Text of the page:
Sunday, August 9, 2009

I love drugs

So, I am in the Netherlands, the oft claimed home of drugs and hookers, and was sitting in my room, reading this article from the UK Times about 'love shyness'. In essence, this is supposedly an emergent phenomenon (very very weak epistemological emergence, if you could even call it emergence) whereby a bunch of lonely adult males piss and moan about the fact that they were ten years old when had their last girlfriend. Observe:

John has been in love. “Probably just the once. When I was 10 there was this girl I really liked. She was younger than me, so when I went to secondary school I lost contact with her and never saw her again.” He has an enduring memory of playing outside with the girl, and of the sun slowly going down, and never feeling happier. In fantasy he often takes the memory further and, imagining himself as a child again, he kisses her.

Now, this is clearly indicative of some deep seated emotional abnormality, and I don't mean to be cold hearted and lacking empathy when thinking about this - clearly I read this article for a reason, and if I am in a culture renowned for its liberal approach social norms yet sitting inside and reading newspaper articles, I think it safe to say that I am not the most successful pants-man who strode the earth. But then I read this section, and my humour and cynicism and bitterness returned:

Seb says the first step to getting better is recognising that something is wrong and the label helps with that. “I believe LS can be overcome,” he says, “but it’s a long, hard road.”

There are drugs to treat shyness, mainstream antidepressants such as Paxil. But the many possible side-effects include sweating, nausea, lowered libido and suicidal tendencies

Nice. You want to treat a problem that has depression and sexual relations central to it, by application of medications known to lower libido and increase suicidal tendencies? And make the people sweaty and nauseous while on dates? Nice thinking, arse-clown. Maybe just force these guys to smoke Ice and give them a handgun. Might solve their problems, sure it might also have some negative side effects, but hey, as long as we're helping these people, who cares what happens to them.

Which brings me to the vague point of these ramblings - that labelling of socially non-standard behaviour dances easily to the music of medicalization, which as i'm sure we all know is perhaps not the best solution to a given set of problems: I'm lonely, cold inside and my last girlfriend was an eight year-old, twenty-two years ago. Clearly I need drugs to find love.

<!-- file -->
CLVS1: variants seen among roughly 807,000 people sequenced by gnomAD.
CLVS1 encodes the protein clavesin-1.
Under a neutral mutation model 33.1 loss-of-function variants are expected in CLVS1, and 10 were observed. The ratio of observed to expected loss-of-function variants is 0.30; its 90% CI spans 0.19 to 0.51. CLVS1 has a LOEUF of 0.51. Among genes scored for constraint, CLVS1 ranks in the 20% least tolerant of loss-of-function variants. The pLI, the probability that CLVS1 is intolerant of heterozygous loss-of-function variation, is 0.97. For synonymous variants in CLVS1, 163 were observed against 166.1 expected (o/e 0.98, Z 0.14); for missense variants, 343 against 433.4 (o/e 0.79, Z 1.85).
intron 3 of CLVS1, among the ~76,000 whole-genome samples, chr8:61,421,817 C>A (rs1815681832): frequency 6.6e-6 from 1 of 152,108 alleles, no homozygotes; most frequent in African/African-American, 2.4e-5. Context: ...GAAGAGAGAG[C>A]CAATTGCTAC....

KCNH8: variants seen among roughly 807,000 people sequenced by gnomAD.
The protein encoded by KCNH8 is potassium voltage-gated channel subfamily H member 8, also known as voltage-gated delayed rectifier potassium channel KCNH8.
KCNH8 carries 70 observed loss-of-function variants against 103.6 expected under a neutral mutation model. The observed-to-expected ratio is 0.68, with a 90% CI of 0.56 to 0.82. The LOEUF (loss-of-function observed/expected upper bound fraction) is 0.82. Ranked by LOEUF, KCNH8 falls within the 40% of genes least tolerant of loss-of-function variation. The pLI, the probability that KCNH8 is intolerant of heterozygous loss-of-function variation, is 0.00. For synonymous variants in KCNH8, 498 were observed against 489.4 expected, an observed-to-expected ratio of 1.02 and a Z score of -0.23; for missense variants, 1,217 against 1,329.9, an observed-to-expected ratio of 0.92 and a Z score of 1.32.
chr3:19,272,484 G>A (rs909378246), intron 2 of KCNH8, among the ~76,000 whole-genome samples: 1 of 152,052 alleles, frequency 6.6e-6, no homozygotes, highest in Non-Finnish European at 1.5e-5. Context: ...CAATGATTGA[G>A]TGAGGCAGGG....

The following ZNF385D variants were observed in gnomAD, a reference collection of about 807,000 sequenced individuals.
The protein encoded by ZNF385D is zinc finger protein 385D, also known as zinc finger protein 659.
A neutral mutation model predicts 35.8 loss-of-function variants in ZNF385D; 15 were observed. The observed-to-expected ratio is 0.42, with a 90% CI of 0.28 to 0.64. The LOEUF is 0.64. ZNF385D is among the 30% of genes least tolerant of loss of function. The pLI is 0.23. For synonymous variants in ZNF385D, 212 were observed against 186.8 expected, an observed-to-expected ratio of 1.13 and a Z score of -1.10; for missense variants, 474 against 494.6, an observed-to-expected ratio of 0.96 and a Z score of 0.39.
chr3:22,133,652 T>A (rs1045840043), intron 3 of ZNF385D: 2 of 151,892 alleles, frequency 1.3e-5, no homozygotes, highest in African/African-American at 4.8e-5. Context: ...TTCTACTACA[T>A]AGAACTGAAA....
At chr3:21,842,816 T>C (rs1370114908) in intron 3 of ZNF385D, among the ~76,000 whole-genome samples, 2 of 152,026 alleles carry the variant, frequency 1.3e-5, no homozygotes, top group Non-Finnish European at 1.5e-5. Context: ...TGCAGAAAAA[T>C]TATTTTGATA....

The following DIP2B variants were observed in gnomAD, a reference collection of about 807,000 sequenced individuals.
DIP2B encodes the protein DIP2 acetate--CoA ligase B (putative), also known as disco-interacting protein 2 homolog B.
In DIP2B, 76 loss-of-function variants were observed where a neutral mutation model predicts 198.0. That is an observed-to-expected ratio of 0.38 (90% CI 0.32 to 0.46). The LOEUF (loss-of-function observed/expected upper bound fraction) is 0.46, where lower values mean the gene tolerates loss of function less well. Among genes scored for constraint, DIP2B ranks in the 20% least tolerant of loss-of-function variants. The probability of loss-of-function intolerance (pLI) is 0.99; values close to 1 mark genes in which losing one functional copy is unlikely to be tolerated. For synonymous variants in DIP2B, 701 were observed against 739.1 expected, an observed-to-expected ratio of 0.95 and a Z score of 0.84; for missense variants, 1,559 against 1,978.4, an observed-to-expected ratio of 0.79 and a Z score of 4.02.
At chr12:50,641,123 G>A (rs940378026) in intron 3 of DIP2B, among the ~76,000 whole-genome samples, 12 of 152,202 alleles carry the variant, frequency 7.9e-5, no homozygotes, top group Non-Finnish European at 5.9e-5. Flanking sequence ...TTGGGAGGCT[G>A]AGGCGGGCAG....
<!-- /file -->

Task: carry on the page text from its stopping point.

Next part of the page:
The words 'parasite' and 'exploitation' seem to bounce around in my head for some strange reason.


Andreea said...

On the bright (?) side, I don't think many psychiatrists would prescribe these people drugs based solely on this description of "love shyness", nor would many psychologists recommend chemical intervention or perform therapy solely for this "condition". I think there would be investigations into potential clinical depression or anxiety and attachment problems, etc. If, say, one of these men was found to be clinically depressed, then perhaps then specific therapy and/or meds might be appropriate for that diagnosis specifically.

And yes - many psychoactive meds sometimes have the opposite effect to what they're meant to address in certain people (or severe side effects). Sometimes just at the beginning, sometimes for a long time. Sometimes drugs originally created for a particular condition are prescribed for something completely different.

I would be concerned if anyone reading that article would go "Yes! That's me in a nutshell! I need drugs!" But I think (hope) the likelihood of that is low.

To be honest I find "LS" as described here a bit...creepy. Also, is there a gender effect? Do women also fantasise about kissing the boyfriends they had when they were 8?


Adam Man Tium said...

Andreea - What you say is true, very true. But the paranoid conspiracy theorist in me is tying things together into a pharma-geddon.
I read an article a while back about Zyprexa, a drug originally for treating schizophrenia, which then had its market increase massively through off label prescribing.

Add to this the idea that patient requests can influence prescribing practice and view this article is like the trojan horse of advertising. You have a possible scenario of manipulated consumers expanding the market of pharmaceuticals for problems like 'love shyness'.

Then again, I could just be paranoid. (I guess that's what they're saying about me anyway.)

And yes, LS as described does seem a little creepy.